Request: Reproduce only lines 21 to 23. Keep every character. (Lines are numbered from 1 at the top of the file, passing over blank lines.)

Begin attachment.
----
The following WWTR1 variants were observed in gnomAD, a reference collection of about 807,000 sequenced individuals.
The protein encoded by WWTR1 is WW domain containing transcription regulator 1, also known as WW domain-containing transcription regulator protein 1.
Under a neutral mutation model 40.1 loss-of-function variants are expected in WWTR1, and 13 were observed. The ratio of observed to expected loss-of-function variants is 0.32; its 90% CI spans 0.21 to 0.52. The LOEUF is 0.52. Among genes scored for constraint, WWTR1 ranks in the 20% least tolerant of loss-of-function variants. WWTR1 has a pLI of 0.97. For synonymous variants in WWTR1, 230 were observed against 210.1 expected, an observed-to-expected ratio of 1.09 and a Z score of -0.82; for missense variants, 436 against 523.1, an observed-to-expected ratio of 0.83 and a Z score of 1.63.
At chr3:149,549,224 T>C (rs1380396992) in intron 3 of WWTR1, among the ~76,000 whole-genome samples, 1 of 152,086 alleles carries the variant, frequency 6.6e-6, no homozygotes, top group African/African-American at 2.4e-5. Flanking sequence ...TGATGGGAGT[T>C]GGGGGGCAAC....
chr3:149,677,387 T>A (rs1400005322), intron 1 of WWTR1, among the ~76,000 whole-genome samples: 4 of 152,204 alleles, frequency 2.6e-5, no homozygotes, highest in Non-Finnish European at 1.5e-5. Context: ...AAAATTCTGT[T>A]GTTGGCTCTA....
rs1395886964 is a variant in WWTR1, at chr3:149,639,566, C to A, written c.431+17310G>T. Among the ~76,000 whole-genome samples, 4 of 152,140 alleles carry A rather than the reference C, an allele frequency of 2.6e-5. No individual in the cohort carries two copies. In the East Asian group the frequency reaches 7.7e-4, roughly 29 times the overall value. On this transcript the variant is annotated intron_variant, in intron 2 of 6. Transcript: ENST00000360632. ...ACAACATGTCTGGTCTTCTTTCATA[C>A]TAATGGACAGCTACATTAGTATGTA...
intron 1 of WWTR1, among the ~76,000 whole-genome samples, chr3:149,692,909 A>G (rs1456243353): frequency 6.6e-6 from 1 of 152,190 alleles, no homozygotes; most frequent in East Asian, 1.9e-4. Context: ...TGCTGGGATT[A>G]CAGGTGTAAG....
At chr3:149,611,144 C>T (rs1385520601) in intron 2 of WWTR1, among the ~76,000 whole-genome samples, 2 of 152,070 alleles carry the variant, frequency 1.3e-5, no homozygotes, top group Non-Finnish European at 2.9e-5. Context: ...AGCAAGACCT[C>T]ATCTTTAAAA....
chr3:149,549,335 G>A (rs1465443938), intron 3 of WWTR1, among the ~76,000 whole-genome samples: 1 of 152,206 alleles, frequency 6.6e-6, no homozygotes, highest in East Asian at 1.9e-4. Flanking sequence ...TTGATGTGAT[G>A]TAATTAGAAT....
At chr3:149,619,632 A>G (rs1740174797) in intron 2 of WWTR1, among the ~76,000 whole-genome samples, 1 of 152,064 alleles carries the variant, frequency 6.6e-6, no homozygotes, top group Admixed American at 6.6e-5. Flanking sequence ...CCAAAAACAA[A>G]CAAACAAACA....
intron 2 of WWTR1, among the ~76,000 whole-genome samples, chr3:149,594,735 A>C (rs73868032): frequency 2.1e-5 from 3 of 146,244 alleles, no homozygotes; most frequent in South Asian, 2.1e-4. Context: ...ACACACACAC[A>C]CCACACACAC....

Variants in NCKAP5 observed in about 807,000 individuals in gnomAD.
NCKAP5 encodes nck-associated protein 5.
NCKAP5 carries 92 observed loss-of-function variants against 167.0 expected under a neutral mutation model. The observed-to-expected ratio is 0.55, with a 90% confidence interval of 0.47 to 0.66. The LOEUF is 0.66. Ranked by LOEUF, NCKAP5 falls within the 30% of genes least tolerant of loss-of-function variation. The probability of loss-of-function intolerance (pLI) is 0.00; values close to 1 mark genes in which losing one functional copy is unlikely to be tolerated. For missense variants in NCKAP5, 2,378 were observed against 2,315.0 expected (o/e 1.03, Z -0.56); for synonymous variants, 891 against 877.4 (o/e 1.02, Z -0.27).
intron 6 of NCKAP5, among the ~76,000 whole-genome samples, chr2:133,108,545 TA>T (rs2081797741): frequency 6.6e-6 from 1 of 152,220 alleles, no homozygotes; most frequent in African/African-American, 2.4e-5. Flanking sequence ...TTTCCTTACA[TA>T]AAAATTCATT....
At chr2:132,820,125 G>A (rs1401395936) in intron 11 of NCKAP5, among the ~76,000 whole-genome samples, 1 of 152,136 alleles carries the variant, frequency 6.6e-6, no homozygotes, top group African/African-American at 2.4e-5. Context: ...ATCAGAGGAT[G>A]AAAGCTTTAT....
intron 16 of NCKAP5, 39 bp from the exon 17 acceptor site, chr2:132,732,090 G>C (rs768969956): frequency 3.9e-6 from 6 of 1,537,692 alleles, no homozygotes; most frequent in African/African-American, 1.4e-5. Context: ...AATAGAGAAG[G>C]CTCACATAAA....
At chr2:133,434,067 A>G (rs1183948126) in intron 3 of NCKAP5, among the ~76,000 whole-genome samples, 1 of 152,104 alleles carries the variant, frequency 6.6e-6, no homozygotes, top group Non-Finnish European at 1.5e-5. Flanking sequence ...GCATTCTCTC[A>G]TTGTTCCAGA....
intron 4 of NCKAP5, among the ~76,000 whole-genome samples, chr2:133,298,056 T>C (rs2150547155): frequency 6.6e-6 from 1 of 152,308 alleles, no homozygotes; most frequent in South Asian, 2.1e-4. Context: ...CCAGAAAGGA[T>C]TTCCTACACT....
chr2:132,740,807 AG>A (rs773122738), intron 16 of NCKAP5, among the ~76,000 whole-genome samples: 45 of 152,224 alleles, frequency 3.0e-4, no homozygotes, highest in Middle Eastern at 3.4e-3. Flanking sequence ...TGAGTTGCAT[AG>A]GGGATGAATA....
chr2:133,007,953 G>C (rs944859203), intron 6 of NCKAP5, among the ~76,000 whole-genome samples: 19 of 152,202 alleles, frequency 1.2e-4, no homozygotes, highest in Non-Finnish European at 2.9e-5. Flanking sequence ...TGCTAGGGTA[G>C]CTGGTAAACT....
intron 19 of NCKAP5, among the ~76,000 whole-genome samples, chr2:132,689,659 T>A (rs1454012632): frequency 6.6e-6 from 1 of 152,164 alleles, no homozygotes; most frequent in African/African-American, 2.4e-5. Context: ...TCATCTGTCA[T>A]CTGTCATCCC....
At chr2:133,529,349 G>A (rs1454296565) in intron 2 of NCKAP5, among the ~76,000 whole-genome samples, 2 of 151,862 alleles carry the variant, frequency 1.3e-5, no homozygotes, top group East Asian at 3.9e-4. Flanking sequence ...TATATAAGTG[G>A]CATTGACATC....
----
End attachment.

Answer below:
chr2:133,007,953 G>C (rs944859203), intron 6 of NCKAP5, among the ~76,000 whole-genome samples: 19 of 152,202 alleles, frequency 1.2e-4, no homozygotes, highest in Non-Finnish European at 2.9e-5. Flanking sequence ...TGCTAGGGTA[G>C]CTGGTAAACT....
intron 19 of NCKAP5, among the ~76,000 whole-genome samples, chr2:132,689,659 T>A (rs1454012632): frequency 6.6e-6 from 1 of 152,164 alleles, no homozygotes; most frequent in African/African-American, 2.4e-5. Context: ...TCATCTGTCA[T>A]CTGTCATCCC....
At chr2:133,529,349 G>A (rs1454296565) in intron 2 of NCKAP5, among the ~76,000 whole-genome samples, 2 of 151,862 alleles carry the variant, frequency 1.3e-5, no homozygotes, top group East Asian at 3.9e-4. Flanking sequence ...TATATAAGTG[G>A]CATTGACATC....